This is an anthropology of memory, a journal and memoir, a work of creative non-fiction. It combines memories from recall, conversations with parents and other relations, friends, journal entries, dream journals with postcolonial critical analysis.

This first book of a planned trilogy: Dream of the Water Children, dream of the water children focuses on sociological haunting and legacies of race-relations, gender, and war-trauma, told through the lens of the mother-son relationship. Its specific focus is on the mother, Kakinami Kiyoko. It is a work for all those interested in Black-Japanese mixed-race people and their parents, the US militarization of the Pacific after World War II and its complex legacies through Black-Asian identities, and gender relations, and the will to freedom.

Note for the Reader

All the incidents and events in this work, including dreams, are actual events and constructed and/or recorded from memories including recall and meditations, journal entries, conversations and interviews. Although memory and journal entries have been recalled and used, I have taken liberty in the writing of memory itself, using certain tones and descriptions in lieu of not remembering or knowing completely, certain details of past events. Some names have been changed to protect people’s identities. I have noted references to those events, facts, and comments that are not from memory or conversation.

Since I am a ethnographic research scholar, as well as all of the categories that identify me as person, race, gender, socio-economic class, sexual orientation, from a certain region, time-period in history, with certain relations with history, my parents and friends, places, and my ways of thinking and remembering, the vignettes I produce for you, the reader, in this book, represent all of these parts of me, without leaving things at the door. In this, there are silences. There are spaces where I hope that the reader will think and question, along with feeling, remembering, in order that we may transgress dominant norms, and therefore easy categories of life. Often these categories keep us apart, afraid, angry, unreal. Memory as a disjointed recall, told through the passages of transnational homelessness, disjunctures and juxtapositions, and the continual legacies that dot the different landscapes, is where I leave you, the reader, with, in order to open dialogues toward peace, social justice, and a different imagination of homelands.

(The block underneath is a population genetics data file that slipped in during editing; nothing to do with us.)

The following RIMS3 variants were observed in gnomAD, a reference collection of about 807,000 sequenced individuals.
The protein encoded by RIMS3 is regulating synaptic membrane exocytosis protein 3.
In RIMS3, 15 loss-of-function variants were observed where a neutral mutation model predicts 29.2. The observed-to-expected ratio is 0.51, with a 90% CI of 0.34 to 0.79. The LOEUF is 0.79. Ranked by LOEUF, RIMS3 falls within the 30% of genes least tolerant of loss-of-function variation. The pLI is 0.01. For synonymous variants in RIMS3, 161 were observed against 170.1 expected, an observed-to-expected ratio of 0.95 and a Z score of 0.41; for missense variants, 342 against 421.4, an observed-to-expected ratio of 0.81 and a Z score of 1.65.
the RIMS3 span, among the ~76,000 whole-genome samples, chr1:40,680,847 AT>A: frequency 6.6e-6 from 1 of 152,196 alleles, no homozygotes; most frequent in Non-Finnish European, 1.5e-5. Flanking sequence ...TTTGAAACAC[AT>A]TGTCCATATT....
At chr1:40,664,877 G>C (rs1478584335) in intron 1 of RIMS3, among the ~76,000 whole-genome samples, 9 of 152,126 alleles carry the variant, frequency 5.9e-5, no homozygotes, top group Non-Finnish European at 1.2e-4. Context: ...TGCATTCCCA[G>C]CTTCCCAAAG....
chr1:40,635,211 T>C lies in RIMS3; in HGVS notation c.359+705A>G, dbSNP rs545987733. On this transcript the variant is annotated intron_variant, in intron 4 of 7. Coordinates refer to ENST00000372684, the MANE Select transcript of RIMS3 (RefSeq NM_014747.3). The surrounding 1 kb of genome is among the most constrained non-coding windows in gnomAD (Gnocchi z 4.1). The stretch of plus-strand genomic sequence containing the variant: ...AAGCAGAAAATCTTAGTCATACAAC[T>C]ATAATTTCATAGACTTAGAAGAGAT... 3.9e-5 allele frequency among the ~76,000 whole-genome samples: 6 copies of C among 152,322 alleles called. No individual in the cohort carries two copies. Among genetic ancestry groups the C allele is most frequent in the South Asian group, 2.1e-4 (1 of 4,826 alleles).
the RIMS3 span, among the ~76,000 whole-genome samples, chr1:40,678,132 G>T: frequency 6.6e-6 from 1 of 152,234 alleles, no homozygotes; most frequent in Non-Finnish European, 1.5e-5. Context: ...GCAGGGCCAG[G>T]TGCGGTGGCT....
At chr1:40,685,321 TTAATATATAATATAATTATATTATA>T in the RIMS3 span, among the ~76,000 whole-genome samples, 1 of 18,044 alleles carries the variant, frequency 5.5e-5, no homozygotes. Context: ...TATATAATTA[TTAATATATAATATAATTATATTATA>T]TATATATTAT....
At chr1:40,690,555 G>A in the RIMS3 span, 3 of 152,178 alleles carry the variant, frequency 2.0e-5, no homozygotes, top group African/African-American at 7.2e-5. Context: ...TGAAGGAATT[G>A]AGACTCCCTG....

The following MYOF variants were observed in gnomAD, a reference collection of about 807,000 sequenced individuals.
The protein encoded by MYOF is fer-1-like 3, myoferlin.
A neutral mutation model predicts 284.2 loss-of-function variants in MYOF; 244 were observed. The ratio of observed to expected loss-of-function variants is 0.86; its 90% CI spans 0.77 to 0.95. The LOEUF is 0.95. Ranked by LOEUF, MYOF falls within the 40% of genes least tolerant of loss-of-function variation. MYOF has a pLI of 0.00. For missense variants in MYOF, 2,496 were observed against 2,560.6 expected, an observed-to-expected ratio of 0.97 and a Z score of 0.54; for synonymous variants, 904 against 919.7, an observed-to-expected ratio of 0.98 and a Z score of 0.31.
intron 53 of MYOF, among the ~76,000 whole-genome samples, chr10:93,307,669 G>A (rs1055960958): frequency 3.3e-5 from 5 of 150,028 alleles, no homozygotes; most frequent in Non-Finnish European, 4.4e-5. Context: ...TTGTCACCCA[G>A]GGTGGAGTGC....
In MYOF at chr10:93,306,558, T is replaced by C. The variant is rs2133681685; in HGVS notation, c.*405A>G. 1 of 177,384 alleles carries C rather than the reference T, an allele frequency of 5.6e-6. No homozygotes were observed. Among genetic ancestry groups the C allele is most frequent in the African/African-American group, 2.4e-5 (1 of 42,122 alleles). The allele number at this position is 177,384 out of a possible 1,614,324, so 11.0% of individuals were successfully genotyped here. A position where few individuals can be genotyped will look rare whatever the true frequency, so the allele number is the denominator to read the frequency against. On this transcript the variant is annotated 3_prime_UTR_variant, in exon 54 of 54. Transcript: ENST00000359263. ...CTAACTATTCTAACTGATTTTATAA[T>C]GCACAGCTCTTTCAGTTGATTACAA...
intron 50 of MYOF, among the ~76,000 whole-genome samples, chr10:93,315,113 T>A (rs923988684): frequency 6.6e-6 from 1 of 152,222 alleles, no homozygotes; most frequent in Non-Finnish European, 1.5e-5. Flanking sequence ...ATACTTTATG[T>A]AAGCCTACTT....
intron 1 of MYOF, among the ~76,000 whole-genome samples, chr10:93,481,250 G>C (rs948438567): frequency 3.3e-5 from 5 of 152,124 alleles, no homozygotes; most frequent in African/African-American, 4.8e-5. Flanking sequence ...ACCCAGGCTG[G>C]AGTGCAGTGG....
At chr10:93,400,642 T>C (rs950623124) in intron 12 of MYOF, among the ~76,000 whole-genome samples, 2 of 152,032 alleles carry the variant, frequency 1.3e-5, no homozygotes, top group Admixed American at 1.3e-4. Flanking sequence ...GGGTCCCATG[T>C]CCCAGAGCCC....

Note from the author:

SEEKING EDITOR: I am presently looking for an editor, familiar with cross-genre writing and transnational, transcultural writing. If you or someone you know would be willing to do this, please contact me!

Also, SEEKING a PUBLISHER. I have multimedia projects and other books in relaiton to this first work, that I would love to work with an interested publisher on.

For these and other inquiries, please contact: